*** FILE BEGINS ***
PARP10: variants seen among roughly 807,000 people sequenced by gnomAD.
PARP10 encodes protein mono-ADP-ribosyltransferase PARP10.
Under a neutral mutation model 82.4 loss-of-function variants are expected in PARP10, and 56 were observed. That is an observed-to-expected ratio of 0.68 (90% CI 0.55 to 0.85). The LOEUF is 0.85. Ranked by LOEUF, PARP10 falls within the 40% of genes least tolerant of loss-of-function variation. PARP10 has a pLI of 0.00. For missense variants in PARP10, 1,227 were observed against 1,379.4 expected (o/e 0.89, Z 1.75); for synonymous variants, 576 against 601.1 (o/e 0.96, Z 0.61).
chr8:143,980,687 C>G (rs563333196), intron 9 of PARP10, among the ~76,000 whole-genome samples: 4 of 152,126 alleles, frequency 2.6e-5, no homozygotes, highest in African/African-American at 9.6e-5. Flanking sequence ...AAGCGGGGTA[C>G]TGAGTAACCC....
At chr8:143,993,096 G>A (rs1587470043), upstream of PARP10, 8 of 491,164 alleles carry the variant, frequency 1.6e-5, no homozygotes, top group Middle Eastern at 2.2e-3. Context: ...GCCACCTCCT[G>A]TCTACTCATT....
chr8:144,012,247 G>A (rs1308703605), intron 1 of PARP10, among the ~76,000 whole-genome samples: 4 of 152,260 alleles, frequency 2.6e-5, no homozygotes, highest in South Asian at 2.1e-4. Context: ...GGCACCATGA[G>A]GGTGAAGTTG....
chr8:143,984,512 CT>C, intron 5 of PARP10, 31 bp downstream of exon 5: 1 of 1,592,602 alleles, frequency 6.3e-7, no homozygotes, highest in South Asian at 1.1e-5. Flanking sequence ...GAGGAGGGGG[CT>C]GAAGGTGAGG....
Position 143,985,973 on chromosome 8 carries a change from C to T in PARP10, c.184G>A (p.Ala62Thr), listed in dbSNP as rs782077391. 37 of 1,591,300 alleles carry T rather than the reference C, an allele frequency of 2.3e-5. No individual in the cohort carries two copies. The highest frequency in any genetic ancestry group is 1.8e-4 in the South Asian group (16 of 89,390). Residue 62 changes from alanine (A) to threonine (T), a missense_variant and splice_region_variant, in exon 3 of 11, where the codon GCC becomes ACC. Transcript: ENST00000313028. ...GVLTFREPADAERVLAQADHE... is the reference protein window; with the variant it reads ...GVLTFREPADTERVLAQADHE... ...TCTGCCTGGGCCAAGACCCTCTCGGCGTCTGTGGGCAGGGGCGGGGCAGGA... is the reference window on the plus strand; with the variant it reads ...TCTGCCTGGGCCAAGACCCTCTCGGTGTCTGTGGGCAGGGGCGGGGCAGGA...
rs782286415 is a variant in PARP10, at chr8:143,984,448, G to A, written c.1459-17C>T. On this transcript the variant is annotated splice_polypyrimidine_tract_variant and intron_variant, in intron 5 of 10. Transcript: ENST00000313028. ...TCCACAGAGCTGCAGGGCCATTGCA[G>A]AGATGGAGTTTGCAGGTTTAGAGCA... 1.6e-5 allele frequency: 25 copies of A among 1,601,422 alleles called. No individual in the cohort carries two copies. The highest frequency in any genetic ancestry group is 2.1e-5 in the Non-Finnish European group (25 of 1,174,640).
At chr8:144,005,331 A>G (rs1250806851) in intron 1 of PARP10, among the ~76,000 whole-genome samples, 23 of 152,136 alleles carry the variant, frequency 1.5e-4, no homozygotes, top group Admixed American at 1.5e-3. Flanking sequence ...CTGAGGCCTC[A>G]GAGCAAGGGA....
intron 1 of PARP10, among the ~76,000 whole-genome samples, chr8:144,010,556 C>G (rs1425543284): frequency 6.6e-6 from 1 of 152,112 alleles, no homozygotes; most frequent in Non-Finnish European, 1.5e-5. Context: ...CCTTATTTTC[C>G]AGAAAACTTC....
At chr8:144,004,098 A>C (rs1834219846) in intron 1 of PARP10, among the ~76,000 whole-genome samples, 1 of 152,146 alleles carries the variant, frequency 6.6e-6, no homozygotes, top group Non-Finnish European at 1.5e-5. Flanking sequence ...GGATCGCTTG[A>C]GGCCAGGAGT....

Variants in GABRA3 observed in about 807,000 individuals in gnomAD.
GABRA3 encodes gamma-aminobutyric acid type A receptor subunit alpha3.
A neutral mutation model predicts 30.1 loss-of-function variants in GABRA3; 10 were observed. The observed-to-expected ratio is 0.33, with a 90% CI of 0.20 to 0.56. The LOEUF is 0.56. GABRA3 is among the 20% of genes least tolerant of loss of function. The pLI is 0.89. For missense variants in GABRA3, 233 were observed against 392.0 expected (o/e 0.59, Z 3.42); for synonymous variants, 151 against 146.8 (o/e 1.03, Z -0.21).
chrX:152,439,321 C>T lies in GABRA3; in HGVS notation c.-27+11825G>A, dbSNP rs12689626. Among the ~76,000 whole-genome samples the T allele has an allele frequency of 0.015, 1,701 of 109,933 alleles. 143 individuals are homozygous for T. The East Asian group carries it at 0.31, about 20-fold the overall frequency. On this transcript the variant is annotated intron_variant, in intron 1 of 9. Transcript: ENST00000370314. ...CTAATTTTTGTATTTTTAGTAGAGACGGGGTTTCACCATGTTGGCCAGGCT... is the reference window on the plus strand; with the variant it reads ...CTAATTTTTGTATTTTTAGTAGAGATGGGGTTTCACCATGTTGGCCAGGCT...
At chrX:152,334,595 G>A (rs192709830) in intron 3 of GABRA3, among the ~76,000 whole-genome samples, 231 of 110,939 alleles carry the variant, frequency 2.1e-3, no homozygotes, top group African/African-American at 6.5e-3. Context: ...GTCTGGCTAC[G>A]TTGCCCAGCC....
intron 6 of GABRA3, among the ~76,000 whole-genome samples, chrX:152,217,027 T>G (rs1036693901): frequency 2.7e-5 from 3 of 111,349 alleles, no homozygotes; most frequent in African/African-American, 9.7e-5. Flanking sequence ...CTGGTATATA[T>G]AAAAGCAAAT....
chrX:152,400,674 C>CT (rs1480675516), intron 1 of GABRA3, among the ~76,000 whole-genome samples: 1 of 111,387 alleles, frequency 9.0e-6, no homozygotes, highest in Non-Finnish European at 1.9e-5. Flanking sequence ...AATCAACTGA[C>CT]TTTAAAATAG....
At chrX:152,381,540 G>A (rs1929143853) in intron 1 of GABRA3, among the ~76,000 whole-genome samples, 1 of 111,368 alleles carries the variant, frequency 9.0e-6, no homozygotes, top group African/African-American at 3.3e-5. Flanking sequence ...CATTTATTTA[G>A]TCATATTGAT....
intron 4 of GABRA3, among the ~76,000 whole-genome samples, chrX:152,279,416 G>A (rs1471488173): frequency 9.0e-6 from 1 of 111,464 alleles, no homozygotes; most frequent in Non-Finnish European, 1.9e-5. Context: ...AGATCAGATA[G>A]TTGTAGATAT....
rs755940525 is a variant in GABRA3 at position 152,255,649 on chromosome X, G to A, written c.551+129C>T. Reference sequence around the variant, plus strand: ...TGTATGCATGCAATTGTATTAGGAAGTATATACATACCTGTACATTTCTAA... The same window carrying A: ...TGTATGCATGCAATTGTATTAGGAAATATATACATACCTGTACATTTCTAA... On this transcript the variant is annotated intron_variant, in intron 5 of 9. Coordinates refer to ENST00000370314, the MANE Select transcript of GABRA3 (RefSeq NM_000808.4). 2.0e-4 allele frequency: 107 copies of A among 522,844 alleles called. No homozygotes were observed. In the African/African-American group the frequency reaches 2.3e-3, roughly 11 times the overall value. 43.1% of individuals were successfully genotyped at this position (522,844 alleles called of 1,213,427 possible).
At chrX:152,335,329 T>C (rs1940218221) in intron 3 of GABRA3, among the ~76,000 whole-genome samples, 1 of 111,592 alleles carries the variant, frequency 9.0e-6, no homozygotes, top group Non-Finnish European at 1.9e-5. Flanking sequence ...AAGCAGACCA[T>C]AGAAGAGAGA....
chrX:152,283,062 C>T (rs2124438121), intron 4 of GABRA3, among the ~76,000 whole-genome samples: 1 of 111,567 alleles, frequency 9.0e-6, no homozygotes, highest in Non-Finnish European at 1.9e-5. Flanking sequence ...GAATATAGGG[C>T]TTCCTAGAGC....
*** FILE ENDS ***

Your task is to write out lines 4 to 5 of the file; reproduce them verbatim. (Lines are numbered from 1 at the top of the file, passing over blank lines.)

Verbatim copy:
chr8:143,980,687 C>G (rs563333196), intron 9 of PARP10, among the ~76,000 whole-genome samples: 4 of 152,126 alleles, frequency 2.6e-5, no homozygotes, highest in African/African-American at 9.6e-5. Flanking sequence ...AAGCGGGGTA[C>G]TGAGTAACCC....
At chr8:143,993,096 G>A (rs1587470043), upstream of PARP10, 8 of 491,164 alleles carry the variant, frequency 1.6e-5, no homozygotes, top group Middle Eastern at 2.2e-3. Context: ...GCCACCTCCT[G>A]TCTACTCATT....